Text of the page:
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Book Cover
Author Felipe, Jesus.

Title The aggregate production function and the measurement of technical change : 'not even wrong' / Jesus Felipe and John S.L. McCombie.

Published Cheltenham : Edward Elgar Pub. Ltd., 2013.


Location Call No. Status
Physical description 400 p. ; cm.
Bibliography Includes bibliographical references and index.
Contents 1. Some problems with the aggregate production function -- 2. The aggregate production function : behavioural relationship or accounting identity? -- 3. Simulation studies, the aggregate production function, and the accounting identity -- 4. 'Are there laws of production?' : the work of Cobb and Douglas and its early reception -- 5. Solow's 'technical change and the aggregate production function', and the accounting identity -- 6. What does total factor productivity actually measure? : further observations on the Solow model -- 7. Why are some countries richer than others? : a sceptical view of Mankiw-Romer-Weil's test of the neoclassical growth model -- 8. Some problems with the neoclassical dual-sector growth model -- 9. Is capital special? : the role of the growth of capital and its externality effect in economic growth -- 10. Problems posed by the accounting identity for the estimation of the degree of market power and the mark-up -- 11. Are estimates of labour demand functions mere statistical artefacts?
Summary 'This is an extremely important and long-awaited book. The authors provide a cogent guide to all that is wrong with the theory and empirical applications of the discredited notion of an aggregate production function. Their critique has devastating implications for orthodox macroeconomics.' -- Anwar Shaikh, New School for Social Research, US. '"There are none so blind as those who will not see." For decades now John McCombie and Jesus Felipe have been publishing papers which draw out the implications of the conceptual vacuousness that characterises fitting aggregate production function specifications to data to test the validity of the marginal productivity theory of distribution, a critique first developed by Henry Phelps Brown and Herbert Simon. By careful empirical and theoretical work, they have reached the conclusion that the huge literature on aggregate production functions and technical progress is "not even wrong" because predictions cannot be tested, that they are only variations on manipulations of national accounting identities. Perhaps this time it really will be "different", the scales will fall from the profession's eyes. I certainly hope so.' -- G.C. Harcourt, Jesus College, Cambridge, UK and University of New South Wales, Australia. 'This is a very important book. Proofs that aggregate production functions do not exist have been around for more than 50 years. This casts doubt not only on macroeconomic theory but also on empirical work and policy. Yet, this has not deterred macro-economists. The authors show in great detail that the apparent "fit" of such functions to value-based data is a tautology and not a proof that such aggregates exist. One hopes that the profession will finally take note.' -- Franklin M. Fisher, Massachusetts Institute of Technology, US. 'Felipe and McCombie have gathered all of the compelling arguments denying the existence of aggregate production functions and showing that econometric estimates based on these fail to measure what they purport to quantify: they are artefacts. Their critique, which ought to be read by any economist doing empirical work, is destructive of nearly all that is important to mainstream economics: NAIRU and potential output measures, measures of wage elasticities, of output elasticities and of total factor productivity growth.' -- Marc Lavoie, University of Ottawa, Canada. This authoritative and stimulating book represents a fundamental critique of the aggregate production function, a concept widely used in macroeconomics. The authors explain why, despite the serious aggregation problems that surround it, aggregate production functions often give plausible statistical results. This is due to the use of constant-price value data, rather than the theoretically correct physical data, together with an underlying accounting identity that relates the data definitionally. It is in this sense that the aggregate production function is 'not even wrong': it is not a behavioural relationship capable of being statistically refuted. The book examines the history of the production function and shows how certain seminal works on neoclassical growth theory, labour demand functions and estimates of the mark-up, among others, suffer from this fundamental problem. The book represents a fundamental critique of the aggregate production function and will be of interest to all macroeconomists.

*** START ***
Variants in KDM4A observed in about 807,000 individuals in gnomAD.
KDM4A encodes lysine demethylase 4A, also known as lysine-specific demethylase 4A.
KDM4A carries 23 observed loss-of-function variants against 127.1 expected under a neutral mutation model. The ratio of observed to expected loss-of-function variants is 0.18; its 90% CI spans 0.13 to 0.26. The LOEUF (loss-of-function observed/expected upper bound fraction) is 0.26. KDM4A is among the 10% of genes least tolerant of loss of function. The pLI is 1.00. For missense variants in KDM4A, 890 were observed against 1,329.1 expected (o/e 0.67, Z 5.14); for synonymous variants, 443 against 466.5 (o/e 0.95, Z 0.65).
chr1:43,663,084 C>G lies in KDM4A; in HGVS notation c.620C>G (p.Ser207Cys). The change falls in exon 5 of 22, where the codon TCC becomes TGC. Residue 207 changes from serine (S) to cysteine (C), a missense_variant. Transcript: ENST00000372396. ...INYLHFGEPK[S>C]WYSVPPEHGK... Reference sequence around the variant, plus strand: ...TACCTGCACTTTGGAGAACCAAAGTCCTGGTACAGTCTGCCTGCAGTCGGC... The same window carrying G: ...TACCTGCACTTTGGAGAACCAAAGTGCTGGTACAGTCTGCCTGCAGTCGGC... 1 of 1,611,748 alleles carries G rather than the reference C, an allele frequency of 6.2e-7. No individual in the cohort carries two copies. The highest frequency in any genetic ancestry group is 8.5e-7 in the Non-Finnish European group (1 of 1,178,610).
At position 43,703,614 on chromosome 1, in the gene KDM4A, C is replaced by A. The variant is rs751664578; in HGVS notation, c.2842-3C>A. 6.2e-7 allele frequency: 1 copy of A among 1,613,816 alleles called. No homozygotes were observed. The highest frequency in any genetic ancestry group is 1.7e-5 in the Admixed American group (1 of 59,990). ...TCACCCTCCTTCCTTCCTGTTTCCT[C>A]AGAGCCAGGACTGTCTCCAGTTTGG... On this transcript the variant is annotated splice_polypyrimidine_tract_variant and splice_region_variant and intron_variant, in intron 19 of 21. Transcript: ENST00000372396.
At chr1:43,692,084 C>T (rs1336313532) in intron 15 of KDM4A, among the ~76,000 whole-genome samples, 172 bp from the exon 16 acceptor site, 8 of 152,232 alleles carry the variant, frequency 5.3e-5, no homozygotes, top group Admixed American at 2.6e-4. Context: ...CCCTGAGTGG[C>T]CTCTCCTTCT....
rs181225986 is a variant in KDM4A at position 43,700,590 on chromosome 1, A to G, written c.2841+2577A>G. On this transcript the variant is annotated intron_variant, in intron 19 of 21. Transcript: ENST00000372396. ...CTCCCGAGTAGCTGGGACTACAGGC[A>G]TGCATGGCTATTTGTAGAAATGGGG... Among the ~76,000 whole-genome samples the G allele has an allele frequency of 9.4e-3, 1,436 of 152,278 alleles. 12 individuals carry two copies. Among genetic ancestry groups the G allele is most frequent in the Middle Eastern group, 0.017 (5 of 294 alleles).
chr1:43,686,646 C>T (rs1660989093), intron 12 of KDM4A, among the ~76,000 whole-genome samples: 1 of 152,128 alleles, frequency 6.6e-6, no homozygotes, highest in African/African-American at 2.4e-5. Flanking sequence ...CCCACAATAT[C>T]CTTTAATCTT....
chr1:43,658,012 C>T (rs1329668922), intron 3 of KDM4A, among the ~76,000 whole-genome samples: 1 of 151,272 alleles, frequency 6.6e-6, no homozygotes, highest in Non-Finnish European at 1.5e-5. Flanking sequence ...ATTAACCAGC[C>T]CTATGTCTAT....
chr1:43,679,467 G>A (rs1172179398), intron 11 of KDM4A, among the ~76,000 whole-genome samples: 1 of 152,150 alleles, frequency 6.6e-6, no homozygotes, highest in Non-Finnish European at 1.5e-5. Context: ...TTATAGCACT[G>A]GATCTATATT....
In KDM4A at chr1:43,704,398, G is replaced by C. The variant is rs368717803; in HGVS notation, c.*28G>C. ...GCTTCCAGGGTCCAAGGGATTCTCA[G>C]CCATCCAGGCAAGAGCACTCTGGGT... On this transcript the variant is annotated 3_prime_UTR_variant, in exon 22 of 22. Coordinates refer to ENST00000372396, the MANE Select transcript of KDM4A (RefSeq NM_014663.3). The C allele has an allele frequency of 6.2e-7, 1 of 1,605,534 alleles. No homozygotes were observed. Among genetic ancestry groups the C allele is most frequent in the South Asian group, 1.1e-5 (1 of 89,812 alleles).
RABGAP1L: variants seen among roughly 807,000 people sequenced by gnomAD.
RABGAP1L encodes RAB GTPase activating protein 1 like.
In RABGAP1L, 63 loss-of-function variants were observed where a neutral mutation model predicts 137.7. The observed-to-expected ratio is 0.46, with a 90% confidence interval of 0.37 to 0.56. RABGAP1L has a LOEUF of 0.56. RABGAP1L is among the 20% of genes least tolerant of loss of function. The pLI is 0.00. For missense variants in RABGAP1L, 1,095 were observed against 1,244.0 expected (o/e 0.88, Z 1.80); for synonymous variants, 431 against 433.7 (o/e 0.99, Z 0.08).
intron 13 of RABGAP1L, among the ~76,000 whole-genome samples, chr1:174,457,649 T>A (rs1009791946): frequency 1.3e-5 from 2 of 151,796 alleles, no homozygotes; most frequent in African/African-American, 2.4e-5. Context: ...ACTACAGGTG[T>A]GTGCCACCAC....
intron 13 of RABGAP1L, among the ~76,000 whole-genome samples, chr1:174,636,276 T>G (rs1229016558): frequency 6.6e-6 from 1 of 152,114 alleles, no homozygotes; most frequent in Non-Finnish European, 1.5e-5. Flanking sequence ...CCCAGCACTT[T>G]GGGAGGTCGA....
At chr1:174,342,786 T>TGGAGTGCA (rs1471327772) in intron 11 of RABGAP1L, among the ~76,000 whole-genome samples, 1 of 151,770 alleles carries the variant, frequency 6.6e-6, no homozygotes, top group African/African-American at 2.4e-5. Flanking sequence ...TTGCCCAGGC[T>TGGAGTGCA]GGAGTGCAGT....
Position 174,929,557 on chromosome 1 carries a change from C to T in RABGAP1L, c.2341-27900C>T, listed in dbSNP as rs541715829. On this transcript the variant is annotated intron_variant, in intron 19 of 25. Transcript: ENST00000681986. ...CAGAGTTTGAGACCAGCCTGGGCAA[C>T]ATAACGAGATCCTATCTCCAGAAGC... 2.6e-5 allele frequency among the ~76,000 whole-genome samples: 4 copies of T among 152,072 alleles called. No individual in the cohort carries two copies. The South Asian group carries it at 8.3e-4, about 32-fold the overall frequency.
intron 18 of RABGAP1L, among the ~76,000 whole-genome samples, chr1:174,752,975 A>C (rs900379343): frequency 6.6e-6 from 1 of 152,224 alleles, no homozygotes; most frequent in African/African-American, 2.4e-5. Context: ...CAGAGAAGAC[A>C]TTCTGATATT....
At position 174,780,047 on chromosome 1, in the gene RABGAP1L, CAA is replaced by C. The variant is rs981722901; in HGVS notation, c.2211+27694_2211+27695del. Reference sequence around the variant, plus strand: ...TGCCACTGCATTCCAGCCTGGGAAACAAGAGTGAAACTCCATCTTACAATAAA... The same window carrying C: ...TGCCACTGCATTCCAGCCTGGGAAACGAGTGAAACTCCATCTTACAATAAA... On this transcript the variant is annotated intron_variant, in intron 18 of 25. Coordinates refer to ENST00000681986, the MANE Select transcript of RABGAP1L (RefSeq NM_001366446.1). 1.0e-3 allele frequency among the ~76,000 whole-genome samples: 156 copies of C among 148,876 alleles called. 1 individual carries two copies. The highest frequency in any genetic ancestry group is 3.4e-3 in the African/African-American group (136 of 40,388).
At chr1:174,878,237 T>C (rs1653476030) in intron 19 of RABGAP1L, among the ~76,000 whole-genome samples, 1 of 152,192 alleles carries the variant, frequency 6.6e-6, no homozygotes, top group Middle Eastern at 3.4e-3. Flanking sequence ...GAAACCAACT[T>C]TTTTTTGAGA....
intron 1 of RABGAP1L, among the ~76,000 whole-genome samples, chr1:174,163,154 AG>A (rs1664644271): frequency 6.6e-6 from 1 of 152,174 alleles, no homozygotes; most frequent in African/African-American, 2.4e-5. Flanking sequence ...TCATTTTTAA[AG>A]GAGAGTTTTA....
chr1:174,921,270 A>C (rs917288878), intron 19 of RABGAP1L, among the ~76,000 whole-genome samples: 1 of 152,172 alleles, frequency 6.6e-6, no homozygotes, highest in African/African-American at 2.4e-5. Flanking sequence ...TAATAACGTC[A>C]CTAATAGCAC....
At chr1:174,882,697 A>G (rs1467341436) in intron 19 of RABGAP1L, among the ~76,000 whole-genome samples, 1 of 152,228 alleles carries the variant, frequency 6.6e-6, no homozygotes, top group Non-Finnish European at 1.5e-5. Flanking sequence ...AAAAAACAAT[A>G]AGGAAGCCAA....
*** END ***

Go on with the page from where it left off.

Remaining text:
Other author McCombie, John S. L.
Edward Elgar Publishing.
Subject Production functions (Economic theory)
ISBN 9781840642551 (hardback)
9781782549680 (e-book)